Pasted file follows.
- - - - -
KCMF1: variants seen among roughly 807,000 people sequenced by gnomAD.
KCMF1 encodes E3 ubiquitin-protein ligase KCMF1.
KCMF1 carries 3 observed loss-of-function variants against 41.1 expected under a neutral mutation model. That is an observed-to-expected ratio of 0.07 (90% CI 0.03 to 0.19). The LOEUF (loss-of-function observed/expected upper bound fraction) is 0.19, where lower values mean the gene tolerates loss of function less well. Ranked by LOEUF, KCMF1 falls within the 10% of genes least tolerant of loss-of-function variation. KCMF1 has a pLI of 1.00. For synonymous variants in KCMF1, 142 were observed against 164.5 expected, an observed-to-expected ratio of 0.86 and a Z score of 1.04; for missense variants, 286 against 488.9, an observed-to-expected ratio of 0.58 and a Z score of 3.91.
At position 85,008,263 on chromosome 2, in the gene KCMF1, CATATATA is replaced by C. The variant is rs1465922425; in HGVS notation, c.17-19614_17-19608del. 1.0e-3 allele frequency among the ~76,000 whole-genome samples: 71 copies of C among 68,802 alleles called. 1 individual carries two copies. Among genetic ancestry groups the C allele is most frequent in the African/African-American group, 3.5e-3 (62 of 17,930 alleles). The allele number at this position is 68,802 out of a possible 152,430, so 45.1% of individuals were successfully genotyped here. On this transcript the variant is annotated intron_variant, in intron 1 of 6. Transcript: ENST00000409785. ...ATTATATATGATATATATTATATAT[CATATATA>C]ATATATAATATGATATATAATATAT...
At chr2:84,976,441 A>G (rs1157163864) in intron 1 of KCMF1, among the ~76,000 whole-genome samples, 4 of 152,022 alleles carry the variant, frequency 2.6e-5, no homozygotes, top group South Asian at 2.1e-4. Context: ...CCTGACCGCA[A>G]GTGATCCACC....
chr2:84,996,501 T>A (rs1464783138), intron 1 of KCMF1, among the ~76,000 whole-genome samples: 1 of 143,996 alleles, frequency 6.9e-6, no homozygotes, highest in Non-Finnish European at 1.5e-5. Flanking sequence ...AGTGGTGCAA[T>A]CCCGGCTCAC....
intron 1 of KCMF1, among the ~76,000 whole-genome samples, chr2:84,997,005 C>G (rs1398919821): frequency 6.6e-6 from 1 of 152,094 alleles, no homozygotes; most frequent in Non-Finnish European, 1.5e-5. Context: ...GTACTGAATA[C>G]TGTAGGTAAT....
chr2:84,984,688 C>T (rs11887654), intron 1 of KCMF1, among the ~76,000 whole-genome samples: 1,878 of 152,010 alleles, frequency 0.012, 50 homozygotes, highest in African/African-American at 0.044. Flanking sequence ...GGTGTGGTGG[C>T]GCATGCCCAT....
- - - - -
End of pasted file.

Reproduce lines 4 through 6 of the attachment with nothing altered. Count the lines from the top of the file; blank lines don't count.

At position 85,008,263 on chromosome 2, in the gene KCMF1, CATATATA is replaced by C. The variant is rs1465922425; in HGVS notation, c.17-19614_17-19608del. 1.0e-3 allele frequency among the ~76,000 whole-genome samples: 71 copies of C among 68,802 alleles called. 1 individual carries two copies. Among genetic ancestry groups the C allele is most frequent in the African/African-American group, 3.5e-3 (62 of 17,930 alleles). The allele number at this position is 68,802 out of a possible 152,430, so 45.1% of individuals were successfully genotyped here. On this transcript the variant is annotated intron_variant, in intron 1 of 6. Transcript: ENST00000409785. ...ATTATATATGATATATATTATATAT[CATATATA>C]ATATATAATATGATATATAATATAT...
At chr2:84,976,441 A>G (rs1157163864) in intron 1 of KCMF1, among the ~76,000 whole-genome samples, 4 of 152,022 alleles carry the variant, frequency 2.6e-5, no homozygotes, top group South Asian at 2.1e-4. Context: ...CCTGACCGCA[A>G]GTGATCCACC....
chr2:84,996,501 T>A (rs1464783138), intron 1 of KCMF1, among the ~76,000 whole-genome samples: 1 of 143,996 alleles, frequency 6.9e-6, no homozygotes, highest in Non-Finnish European at 1.5e-5. Flanking sequence ...AGTGGTGCAA[T>A]CCCGGCTCAC....